Paper No. 35
Presentation Time: 5:30 PM


NEWELL, Dennis1, JESSUP, Micah2, SHAW, Colin A.3 and HUGHES, Cameron2, (1)Department of Geology, Utah State University, Logan, UT 84321, (2)Department of Earth and Planetary Sciences, University of Tennessee, Knoxville, TN 37996, (3)Department of Earth Sciences, Montana State University, P.O. Box 173480, Bozeman, MT 59717,

The Cordillera Blanca is a ~200 km long NNW trending mountain range hosting peaks between 5 and 6.7 km in elevation. This mountain range is located in a currently amagmatic reach of the Andes above a flat-slab segment of the subducting Nazca Plate. The last period of magmatic activity was the Miocene emplacement of the Cordillera Blanca batholith that creates the core of the mountain range. Bounding the western edge of the range is a ~200 km long, NNW trending and WSW dipping normal fault (Cordillera Blanca detachment). This structure records a progression of top to the west ductile shear to brittle faulting.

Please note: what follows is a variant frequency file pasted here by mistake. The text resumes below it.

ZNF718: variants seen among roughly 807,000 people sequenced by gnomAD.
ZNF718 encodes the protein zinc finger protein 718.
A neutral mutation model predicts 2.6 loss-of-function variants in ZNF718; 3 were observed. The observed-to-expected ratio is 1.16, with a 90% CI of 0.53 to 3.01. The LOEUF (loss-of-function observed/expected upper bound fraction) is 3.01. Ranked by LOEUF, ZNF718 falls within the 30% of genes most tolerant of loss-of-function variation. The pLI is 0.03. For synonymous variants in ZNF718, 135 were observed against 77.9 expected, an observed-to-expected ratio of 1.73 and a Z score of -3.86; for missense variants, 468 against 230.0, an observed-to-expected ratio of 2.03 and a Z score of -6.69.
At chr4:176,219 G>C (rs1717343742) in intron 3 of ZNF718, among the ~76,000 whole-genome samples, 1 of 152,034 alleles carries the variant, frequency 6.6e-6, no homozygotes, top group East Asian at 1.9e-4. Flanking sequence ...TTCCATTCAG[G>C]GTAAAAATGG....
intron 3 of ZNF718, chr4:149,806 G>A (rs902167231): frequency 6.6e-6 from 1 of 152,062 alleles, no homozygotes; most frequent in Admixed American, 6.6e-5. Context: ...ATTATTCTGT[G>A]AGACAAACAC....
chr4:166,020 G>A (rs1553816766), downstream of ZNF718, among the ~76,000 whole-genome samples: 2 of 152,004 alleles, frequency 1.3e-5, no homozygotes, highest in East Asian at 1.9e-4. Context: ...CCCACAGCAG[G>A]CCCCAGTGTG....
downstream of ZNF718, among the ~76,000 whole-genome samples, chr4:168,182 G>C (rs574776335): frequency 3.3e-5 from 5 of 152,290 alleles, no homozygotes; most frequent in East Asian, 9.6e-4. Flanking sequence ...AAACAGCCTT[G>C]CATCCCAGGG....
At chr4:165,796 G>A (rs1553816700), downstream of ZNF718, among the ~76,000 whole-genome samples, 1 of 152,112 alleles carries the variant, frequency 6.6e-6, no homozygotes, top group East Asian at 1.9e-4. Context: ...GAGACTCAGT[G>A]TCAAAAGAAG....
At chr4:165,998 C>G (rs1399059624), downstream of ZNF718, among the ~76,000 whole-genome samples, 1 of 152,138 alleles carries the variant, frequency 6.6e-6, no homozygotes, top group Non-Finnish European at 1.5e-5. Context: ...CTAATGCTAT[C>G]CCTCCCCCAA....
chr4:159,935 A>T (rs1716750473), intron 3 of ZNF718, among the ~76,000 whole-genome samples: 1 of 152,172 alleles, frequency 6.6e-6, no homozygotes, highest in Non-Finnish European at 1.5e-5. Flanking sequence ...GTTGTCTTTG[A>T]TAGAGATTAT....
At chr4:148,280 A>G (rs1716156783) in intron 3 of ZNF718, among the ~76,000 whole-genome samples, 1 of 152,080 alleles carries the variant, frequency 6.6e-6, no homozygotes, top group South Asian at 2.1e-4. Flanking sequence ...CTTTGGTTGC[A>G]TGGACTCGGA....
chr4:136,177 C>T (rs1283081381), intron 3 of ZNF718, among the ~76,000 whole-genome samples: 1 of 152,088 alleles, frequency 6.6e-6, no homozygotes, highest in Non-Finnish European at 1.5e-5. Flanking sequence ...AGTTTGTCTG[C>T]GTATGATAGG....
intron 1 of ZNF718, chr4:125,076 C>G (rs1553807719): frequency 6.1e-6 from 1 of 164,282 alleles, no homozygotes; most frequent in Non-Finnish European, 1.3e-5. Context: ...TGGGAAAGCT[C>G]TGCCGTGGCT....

Hot springs issue along the trace of this fault and in the adjacent valley paralleling the fault to the east (Callejon de Huaylas). Although rock exposure is limited, valley hot springs appear to issue along steeply dipping normal faults that penetrate the hanging wall of the main detachment. Rock types along hot spring groundwater flow paths include mylonitized granodiorite in the footwall of the detachment and Mesozoic – Miocene sedimentary and volcanic units in the hanging wall. Field measurements made during July 2013 indicate spring temperatures from 17.6 – 78.3 °C, pH from 5.03 – 6.97, and specific conductivity between 723 and 23,200 μS (TDS ~362 – 11,600 ppm). The two hottest springs measured, Baños Huancarhuas (73 °C) and Baños La Pampa (78 °C), are located in the northern part of the range, issuing directly from the trace of the detachment fault. Most of the springs vigorously degas CO2 at their source and are associated with accumulations of travertine. Major and trace element chemistry, stable isotopes of oxygen, hydrogen and carbon, and the 3He/4He ratio of the springs are reported. These data are used to address rock-water interaction controls on the variability in observed salinity and to identify the source of volatiles in the springs. Additionally, as the Peruvian government identified this region as a potential geothermal resource, with preliminary assessments made over a decade ago, we calculate the present-day potential temperature and depth of geothermal resources based on several chemical geoindicators.